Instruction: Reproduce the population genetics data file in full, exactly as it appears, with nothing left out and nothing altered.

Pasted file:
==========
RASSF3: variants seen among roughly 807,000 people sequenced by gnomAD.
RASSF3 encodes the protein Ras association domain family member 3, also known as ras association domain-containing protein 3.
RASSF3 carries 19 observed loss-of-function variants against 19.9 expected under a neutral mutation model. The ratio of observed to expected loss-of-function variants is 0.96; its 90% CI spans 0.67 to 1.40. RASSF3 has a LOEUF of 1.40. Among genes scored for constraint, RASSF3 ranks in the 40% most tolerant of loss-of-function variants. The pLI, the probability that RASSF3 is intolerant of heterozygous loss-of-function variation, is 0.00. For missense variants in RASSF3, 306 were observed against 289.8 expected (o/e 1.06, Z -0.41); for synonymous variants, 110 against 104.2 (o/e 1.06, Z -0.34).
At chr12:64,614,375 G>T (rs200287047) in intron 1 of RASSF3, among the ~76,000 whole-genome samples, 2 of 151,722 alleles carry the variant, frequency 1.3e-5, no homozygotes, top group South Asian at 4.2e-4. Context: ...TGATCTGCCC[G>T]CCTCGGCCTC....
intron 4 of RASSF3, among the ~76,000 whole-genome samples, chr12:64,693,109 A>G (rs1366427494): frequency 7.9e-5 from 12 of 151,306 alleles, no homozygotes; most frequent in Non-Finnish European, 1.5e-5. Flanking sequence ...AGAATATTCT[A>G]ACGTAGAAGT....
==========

RASSF3: variants seen among roughly 807,000 people sequenced by gnomAD.
RASSF3 encodes the protein Ras association domain family member 3, also known as ras association domain-containing protein 3.
RASSF3 carries 19 observed loss-of-function variants against 19.9 expected under a neutral mutation model. The ratio of observed to expected loss-of-function variants is 0.96; its 90% CI spans 0.67 to 1.40. RASSF3 has a LOEUF of 1.40. Among genes scored for constraint, RASSF3 ranks in the 40% most tolerant of loss-of-function variants. The pLI, the probability that RASSF3 is intolerant of heterozygous loss-of-function variation, is 0.00. For missense variants in RASSF3, 306 were observed against 289.8 expected (o/e 1.06, Z -0.41); for synonymous variants, 110 against 104.2 (o/e 1.06, Z -0.34).
At chr12:64,614,375 G>T (rs200287047) in intron 1 of RASSF3, among the ~76,000 whole-genome samples, 2 of 151,722 alleles carry the variant, frequency 1.3e-5, no homozygotes, top group South Asian at 4.2e-4. Context: ...TGATCTGCCC[G>T]CCTCGGCCTC....
intron 4 of RASSF3, among the ~76,000 whole-genome samples, chr12:64,693,109 A>G (rs1366427494): frequency 7.9e-5 from 12 of 151,306 alleles, no homozygotes; most frequent in Non-Finnish European, 1.5e-5. Flanking sequence ...AGAATATTCT[A>G]ACGTAGAAGT....